Digital Audio Group’s Livespeakr is an undeniably clever portable speaker system for the iPhone and iPod touch. The almost-pocket sized device, available in black or white, weighs just 12.8 ounces and is approximately 6 inches long, 2.5 inches tall, and 1 inch thick when collapsed for travel.
What makes the Livespeakr so clever, though, is its unique adjustability. The removable cradle—which fits all current models of the iPhone and iPod touch—can rotate within the dock itself, letting you listen with your iPhone oriented in either portrait or landscape mode. When you rotate the cradle into landscape mode, the left and right sections of the Livespeakr (the parts that hold the actual speaker drivers) automatically slide out further to ensure they’re not obscured.
The Livespeakr includes a built-in, fold-out stand that feels sturdy—it’s made of metal—and locks into place much like a patio chair’s back. Less sturdy, unfortunately, is the cradle that actually holds your iPhone. Sliding your iPhone into the cradle is easy, but attaching the cradle to the speaker itself—and keeping it there—is more than a little frustrating. The cradle sports tiny holes which are meant to snap onto small nubs on the Livespeakr itself; this attachment mechanism feels quite chintzy. In fact, i found it almost impossible to rotate my iPhone into landscape mode, expanding the speakers, without the cradle detaching from the speaker.
The Livespeakr includes a built-in battery, which you can charge using the included USB cable or AC-to-USB charger. Charging takes between 5 and 7 hours, and the company claims a full charge will provide up to 16 hours of playback, which seemed realistic in my testing. Of course, since the Livespeakr connects through the headphone jack—this isn’t a dock-connector speaker system—you’ll want to keep an eye on your iPhone’s battery life, too.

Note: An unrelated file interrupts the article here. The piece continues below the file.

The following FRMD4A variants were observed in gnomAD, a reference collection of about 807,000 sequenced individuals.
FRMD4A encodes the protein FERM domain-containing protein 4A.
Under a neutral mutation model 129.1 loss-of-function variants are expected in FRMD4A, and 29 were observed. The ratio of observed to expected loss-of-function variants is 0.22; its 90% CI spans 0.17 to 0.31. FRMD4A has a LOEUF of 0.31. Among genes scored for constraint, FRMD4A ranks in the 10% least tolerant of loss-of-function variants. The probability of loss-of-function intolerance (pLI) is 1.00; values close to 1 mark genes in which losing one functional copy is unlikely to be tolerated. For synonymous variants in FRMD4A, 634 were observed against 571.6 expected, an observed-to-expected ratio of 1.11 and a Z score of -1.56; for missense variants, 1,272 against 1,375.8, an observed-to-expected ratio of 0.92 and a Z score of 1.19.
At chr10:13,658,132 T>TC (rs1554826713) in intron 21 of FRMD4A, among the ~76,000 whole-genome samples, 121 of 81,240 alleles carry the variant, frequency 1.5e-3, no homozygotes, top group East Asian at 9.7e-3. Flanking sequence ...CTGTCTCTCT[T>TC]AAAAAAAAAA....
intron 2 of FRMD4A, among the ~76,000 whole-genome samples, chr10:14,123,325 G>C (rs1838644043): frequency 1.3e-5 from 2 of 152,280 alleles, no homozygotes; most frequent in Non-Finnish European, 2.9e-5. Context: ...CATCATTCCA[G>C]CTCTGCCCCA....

Once your iPhone (or iPod touch) is comfortably—or, precariously, as the case may be—nestled in the cradle and you’ve plugged the Livespeakr’s permanently attached cable into your iPhone’s headphone jack, you just switch on the Livespeakr and press play on your iPhone to start rocking out. The Livespeakr’s volume capability is impressive; its bass output is not—bass is essentially non-existent. But if you don’t mind your music skewing a bit trebly, the speaker certainly provides impressive audio punch and can play louder than I expected. If you rotate your iPhone into landscape mode, with the speakers spread apart, you might hear a bit of stereo separation if you center yourself perfectly in front of the Livespeakr, but like most compact iPod speakers, don’t expect to be blown away by audio quality. While fidelity is good enough that I was able to hear the difference between 128 kbps audio files and higher bit rate (256 kbps) files, I recommend the Livespeakr for pool parties, picnics, and other situations where fidelity isn’t quite as important as volume.
The Livespeakr is RF-shielded, and I very rarely heard interference from the phone when music was playing. Unsurprisingly, you will hear some distortion as you crank up the volume, but it’s easy to find happy mediums that still provide plenty of volume.
Given the carry-on-friendly size, the Livespeakr would also make a fine speaker system to watch movies on your iPhone in your hotel room, especially since the device supports landscape mode. I did find that the horizontal approach was less than ideal for listening to music, since the iPod app’s interface in that orientation doesn’t offer easy access to your playlists or track navigation. I ended up just picking up the whole device, speaker and all, to rotate the iPhone’s screen when I wanted to change tracks.
I’d be a bit more enthusiastic about the Livespeakr if the cradle attached more securely. As designed, though, the Livespeakr is still a decent choice for non-audiophiles who want a portable solution for blasting their music.
[Lex Friedman longs to be heard.]